Questions on hours of work comparable to those in the pooled datasets were asked in a supplement to the 1991 Current Population Survey. Mean hours of work per day (5 days a week) were 8.6 for men and 7.7 for women. Fifty-seven percent of the men in the sample stated that they worked eight hours a day (see Figure 1). The most common pattern was for work to begin at 8 am and end at 5 pm. A comparison of work start and end times and the reported length of the work day suggests that the majority of workers excluded lunch breaks from reported daily hours of work. The questions asked in the 1973 Current Population Survey were somewhat different and usual hours per day were estimated from usual hours per week divided by usual days per week. When similar information is used to estimate hours per day in the 1991 data, the average length of the usual working day falls slightly to 8.4 hours for men and 7.6 for women. The reported work day may include overtime if overtime was “usual” but because the proportion of low wage to high wage decile workers receiving overtime pay did not change between 1973 and 1991, changes in overtime coverage are unlikely to bias my results. Although time diary studies suggest that the length of the work day is overestimated both in 1991 and in 1973, but particularly in 1991, this will not bias my estimates of changes in relative hours of work.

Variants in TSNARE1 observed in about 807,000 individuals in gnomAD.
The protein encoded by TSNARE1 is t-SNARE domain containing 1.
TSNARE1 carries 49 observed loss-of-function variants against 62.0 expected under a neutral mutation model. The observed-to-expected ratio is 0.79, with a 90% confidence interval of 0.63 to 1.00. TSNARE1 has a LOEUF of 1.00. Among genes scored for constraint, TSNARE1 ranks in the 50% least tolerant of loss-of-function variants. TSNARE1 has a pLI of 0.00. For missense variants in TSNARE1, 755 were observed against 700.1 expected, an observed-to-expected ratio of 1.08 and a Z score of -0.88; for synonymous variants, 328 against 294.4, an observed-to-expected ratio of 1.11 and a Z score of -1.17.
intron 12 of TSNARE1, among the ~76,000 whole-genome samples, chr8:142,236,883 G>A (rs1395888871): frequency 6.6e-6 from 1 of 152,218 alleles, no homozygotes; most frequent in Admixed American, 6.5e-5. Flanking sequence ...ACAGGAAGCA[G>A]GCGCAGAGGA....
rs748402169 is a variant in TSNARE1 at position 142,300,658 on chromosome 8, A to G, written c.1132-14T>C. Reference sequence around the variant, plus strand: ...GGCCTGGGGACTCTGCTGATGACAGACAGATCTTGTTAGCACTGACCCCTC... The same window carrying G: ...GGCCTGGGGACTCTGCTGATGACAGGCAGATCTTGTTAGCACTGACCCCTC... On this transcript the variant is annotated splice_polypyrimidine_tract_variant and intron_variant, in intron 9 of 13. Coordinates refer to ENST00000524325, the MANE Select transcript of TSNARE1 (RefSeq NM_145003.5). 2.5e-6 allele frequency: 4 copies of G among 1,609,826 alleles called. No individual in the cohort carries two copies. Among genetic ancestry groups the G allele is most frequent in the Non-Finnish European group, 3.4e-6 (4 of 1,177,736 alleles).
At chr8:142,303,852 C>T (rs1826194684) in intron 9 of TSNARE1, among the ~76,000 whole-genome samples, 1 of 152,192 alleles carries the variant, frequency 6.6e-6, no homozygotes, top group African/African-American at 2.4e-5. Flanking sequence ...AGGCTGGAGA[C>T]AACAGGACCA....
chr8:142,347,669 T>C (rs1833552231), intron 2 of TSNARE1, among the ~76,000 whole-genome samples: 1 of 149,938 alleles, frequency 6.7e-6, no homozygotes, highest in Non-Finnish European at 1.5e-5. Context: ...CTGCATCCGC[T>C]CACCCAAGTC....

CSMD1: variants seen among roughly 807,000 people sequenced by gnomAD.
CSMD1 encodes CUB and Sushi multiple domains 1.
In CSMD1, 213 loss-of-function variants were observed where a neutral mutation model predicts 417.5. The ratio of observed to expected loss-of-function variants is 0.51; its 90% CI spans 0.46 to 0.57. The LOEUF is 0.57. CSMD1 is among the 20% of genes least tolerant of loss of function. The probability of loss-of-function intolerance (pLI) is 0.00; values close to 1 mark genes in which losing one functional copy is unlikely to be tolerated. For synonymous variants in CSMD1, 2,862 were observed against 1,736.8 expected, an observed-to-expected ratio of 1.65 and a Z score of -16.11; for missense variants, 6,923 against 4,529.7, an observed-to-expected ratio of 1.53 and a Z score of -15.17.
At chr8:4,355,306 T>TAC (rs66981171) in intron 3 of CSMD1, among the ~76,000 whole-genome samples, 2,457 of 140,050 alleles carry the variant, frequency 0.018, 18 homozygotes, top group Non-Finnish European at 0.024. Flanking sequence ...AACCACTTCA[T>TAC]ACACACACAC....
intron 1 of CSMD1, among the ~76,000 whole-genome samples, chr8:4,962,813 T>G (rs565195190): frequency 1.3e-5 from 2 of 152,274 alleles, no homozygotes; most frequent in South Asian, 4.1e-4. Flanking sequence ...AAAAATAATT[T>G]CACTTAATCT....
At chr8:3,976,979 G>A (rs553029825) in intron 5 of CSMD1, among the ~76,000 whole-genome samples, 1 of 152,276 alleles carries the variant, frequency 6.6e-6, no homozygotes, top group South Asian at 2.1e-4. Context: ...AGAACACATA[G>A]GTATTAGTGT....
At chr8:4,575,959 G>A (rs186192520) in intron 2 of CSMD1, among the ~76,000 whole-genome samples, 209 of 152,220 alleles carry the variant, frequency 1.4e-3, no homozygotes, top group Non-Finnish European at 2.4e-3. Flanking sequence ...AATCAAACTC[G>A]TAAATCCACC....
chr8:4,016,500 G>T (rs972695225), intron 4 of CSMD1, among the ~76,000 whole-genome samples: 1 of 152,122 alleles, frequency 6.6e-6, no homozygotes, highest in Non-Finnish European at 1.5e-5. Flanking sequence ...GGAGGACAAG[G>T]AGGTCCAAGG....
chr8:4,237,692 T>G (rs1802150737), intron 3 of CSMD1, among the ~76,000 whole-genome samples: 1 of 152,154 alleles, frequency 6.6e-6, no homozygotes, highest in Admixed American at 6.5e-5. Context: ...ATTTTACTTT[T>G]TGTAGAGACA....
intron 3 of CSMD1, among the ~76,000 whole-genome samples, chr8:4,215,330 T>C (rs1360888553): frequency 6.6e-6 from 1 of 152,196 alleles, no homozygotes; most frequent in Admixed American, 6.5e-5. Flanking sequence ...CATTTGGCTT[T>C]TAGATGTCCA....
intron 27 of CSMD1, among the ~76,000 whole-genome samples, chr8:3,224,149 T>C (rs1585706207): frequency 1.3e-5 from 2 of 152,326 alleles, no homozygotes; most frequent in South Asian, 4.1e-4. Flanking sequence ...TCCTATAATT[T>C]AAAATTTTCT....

Despite a slight increase in the coefficient of variation of daily hours worked from the 1890s to the present (see Table 1), for men the distribution between the 90th and 10th percentiles has become more compressed because the majority now work an eight hour day (see Figure 1). However, for women the distribution first narrowed between the 1890s and 1973 and then widened between 1973 and 1991, largely because the widening of the distribution for full-time workers outweighted the narrowing of the distribution for part-time workers.

Wages in the 1890s were reported according to how the worker was paid, by the hour, day, week, month, year, ton, or piece. Sometimes total yearly wages are given as well. For men I construct two wage variables. One is strictly for the set of workers paid by the hour and is the hourly wage as given by workers. The second wage variable, which is my only wage variable for women, is an hourly wage estimated from any available information. Thus for workers who were paid by the day the measure consists of the daily wage divided by usual hours worked per day. For workers who were paid by the week or the month I estimated an hourly wage assuming a six day week.